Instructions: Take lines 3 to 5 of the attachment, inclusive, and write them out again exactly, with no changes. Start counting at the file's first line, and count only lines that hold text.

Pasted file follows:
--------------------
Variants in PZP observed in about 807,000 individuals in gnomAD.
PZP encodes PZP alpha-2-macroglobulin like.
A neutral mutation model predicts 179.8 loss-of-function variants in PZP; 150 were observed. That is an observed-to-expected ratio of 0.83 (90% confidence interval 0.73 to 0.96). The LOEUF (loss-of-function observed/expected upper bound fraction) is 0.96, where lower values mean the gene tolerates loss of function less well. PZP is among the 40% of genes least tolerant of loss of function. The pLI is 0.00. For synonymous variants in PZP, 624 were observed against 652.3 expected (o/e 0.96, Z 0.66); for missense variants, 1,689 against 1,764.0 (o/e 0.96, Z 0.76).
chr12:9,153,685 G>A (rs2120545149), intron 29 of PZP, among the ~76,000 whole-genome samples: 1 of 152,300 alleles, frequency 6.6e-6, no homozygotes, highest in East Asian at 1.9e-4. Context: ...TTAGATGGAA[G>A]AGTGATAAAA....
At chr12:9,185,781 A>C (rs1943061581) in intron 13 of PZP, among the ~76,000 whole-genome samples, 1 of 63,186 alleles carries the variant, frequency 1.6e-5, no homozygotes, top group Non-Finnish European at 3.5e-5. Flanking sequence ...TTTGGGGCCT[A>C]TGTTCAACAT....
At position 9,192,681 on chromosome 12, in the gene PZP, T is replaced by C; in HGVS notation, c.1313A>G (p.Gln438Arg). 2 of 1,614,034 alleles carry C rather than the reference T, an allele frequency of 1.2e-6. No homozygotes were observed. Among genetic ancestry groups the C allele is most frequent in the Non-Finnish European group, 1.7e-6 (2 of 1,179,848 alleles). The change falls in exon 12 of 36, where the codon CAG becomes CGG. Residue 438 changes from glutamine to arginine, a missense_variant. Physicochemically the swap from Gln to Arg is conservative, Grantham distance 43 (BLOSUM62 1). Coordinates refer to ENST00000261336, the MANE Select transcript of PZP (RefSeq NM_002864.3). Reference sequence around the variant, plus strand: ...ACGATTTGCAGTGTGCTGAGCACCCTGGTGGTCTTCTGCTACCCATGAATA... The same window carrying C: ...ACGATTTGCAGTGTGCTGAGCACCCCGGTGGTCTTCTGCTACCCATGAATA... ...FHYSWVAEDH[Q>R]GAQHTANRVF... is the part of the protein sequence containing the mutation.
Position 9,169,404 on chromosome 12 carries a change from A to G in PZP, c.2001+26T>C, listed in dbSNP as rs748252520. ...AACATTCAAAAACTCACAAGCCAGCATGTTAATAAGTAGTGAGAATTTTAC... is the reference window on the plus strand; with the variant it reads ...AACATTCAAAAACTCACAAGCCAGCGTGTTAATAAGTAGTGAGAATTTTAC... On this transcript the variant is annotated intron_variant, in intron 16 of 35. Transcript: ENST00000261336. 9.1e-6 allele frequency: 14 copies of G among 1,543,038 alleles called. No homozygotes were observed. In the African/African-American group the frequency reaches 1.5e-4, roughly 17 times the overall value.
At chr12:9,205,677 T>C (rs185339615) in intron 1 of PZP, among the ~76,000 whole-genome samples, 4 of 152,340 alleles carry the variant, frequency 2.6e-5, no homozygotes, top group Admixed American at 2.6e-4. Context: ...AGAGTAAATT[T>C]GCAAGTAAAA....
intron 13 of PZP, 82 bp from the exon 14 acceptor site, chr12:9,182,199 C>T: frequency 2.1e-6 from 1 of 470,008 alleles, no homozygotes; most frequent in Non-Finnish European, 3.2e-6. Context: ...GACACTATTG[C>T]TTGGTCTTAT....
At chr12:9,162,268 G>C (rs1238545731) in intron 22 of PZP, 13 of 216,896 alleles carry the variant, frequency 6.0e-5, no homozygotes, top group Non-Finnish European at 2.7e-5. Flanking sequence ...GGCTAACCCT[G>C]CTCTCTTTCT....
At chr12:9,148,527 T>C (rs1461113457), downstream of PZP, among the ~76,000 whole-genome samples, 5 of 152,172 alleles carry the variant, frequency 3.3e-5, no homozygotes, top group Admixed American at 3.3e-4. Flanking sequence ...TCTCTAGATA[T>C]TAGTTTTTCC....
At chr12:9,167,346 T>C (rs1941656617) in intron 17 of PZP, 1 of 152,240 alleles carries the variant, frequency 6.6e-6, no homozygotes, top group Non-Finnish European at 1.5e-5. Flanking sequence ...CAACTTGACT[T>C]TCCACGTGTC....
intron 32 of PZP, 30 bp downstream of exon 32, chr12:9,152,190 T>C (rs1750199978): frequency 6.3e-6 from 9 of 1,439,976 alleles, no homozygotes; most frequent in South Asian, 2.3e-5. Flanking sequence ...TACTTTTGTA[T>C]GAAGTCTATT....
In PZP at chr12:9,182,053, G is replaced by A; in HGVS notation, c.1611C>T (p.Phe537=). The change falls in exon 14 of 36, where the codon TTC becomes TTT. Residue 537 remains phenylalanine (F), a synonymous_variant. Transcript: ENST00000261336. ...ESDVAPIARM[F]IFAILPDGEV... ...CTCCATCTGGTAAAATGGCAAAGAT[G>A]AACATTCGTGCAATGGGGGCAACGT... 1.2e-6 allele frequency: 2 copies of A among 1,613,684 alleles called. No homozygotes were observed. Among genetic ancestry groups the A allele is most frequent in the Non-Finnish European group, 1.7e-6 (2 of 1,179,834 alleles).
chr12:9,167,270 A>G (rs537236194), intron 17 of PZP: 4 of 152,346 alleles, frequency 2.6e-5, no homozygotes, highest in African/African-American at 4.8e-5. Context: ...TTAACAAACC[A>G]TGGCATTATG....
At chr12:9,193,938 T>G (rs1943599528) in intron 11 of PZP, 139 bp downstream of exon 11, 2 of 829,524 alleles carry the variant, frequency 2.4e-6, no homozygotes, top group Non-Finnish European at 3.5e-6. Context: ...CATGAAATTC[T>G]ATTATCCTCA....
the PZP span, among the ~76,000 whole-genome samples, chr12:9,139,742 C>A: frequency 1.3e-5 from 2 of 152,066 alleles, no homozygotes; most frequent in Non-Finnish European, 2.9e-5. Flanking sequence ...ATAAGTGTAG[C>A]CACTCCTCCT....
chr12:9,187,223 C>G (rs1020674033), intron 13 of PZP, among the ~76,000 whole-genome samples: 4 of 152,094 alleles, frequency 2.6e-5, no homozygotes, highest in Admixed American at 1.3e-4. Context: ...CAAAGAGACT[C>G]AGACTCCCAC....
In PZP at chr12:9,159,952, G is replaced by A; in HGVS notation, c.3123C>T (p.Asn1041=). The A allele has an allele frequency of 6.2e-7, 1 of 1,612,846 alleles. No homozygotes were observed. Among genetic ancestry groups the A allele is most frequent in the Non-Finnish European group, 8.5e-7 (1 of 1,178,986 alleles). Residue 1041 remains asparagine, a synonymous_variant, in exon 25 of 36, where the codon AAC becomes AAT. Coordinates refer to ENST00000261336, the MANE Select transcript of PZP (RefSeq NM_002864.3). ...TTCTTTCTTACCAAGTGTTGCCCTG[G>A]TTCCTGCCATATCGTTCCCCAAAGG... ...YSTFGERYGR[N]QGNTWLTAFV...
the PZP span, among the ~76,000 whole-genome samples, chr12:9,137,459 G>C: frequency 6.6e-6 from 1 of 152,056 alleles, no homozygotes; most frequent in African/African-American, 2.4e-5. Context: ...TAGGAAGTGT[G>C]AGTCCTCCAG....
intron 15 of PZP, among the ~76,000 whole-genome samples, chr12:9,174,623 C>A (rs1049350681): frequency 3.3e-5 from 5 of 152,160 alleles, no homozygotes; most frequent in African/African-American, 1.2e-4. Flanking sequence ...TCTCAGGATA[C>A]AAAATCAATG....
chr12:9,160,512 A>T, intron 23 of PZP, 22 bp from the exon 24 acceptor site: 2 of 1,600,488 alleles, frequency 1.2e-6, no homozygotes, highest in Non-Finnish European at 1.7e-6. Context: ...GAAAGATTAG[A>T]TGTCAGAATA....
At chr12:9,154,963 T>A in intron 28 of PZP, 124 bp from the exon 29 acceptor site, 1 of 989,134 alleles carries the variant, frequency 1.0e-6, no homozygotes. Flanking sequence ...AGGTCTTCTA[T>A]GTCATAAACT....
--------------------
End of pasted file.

A neutral mutation model predicts 179.8 loss-of-function variants in PZP; 150 were observed. That is an observed-to-expected ratio of 0.83 (90% confidence interval 0.73 to 0.96). The LOEUF (loss-of-function observed/expected upper bound fraction) is 0.96, where lower values mean the gene tolerates loss of function less well. PZP is among the 40% of genes least tolerant of loss of function. The pLI is 0.00. For synonymous variants in PZP, 624 were observed against 652.3 expected (o/e 0.96, Z 0.66); for missense variants, 1,689 against 1,764.0 (o/e 0.96, Z 0.76).
chr12:9,153,685 G>A (rs2120545149), intron 29 of PZP, among the ~76,000 whole-genome samples: 1 of 152,300 alleles, frequency 6.6e-6, no homozygotes, highest in East Asian at 1.9e-4. Context: ...TTAGATGGAA[G>A]AGTGATAAAA....
At chr12:9,185,781 A>C (rs1943061581) in intron 13 of PZP, among the ~76,000 whole-genome samples, 1 of 63,186 alleles carries the variant, frequency 1.6e-5, no homozygotes, top group Non-Finnish European at 3.5e-5. Flanking sequence ...TTTGGGGCCT[A>C]TGTTCAACAT....